Primary care received a financial boost on Feb. 13 from the National Health Service Corps (NHSC), which awarded more than $9 million to medical students in 30 states and the District of Columbia to help strengthen the healthcare workforce. The NHSC’s Students to Service Loan Repayment Program, authorized by the Affordable Care Act, supports fourth-year medical students who are committed to primary care in exchange for their service in limited-access communities.
Health & Human Services Secretary Kathleen Sebelius made the award announcement at the Eisner Pediatric and Family Medical Center, a federally qualified health center caring for underserved communities in downtown and south Los Angeles. Nearly 90 percent of the medical center’s patients live below the poverty level.
“This new program is an innovative approach to encouraging more medical students to work as primary care doctors,” said Sebelius. “This is an important part of the administration’s commitment to building the future healthcare workforce.”
Students to Service, a pilot program administered by HHS’ Health Resources and Services Administration (HRSA), provides loan repayment assistance of up to $120,000 to medical students (MDs and DOs) in their last year of education. In return, they commit to serve in a health professional shortage area upon completion of a primary care residency program.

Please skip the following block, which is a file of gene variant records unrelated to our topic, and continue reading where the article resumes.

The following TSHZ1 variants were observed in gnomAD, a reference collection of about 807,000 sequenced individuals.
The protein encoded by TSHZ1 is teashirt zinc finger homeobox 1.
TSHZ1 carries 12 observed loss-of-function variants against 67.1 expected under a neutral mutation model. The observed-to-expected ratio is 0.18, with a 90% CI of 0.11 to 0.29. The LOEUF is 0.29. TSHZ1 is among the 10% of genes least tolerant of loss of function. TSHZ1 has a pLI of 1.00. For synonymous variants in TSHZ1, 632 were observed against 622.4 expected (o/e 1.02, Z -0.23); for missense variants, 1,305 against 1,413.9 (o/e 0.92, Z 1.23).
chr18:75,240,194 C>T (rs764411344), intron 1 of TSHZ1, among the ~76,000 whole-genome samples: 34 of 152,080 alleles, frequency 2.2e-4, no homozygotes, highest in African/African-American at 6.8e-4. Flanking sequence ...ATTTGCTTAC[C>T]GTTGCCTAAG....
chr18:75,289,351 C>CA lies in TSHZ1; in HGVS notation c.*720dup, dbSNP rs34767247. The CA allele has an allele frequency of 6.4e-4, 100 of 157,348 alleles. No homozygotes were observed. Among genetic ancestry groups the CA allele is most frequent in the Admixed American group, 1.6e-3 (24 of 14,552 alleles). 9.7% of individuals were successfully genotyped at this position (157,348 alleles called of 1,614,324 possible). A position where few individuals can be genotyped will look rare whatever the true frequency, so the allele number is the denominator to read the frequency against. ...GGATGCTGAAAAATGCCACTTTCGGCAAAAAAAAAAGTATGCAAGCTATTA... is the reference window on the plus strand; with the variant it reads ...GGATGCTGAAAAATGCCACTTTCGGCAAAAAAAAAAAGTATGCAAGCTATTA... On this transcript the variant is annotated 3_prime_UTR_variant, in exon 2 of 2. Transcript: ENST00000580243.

“The average medical school debt of the students receiving these awards is more than $200,000,” said HRSA Administrator Mary Wakefield, PhD, RN. “The Students to Service program relieves a tremendous debt burden, allowing them to follow their passion for primary care and serve some of the country’s most underserved rural and urban communities.”
The newest NHSC providers must serve three years of full-time service or six years of half-time service in rural and urban areas of greatest need.
Eric Schluederberg, one of the program awardees and a fourth-year medical student at Western University of Health Sciences in Pomona, Calif., credited his fiancé, who has Spina Bifida, with helping to inspire him to serve in the NHSC.
“I always knew my calling was primary care,“ he said. “I’m not a social researcher and I’m not an economist, but it seems that there are a lot of underserved people in this nation, and that providing sound primary care is a good economic investment. For example, ensuring that pregnant women know to take folic acid supplements is one way to prevent the cost of the numerous surgeries required to help someone with Spina Bifida become an independent member of society.”
The awardees announced this week will join NHSC providers already providing primary care at more than 14,000 healthcare sites in urban, rural and frontier areas.
Since its founding in 1972, NHSC has connected more than 41,000 primary healthcare practitioners to communities throughout the United States.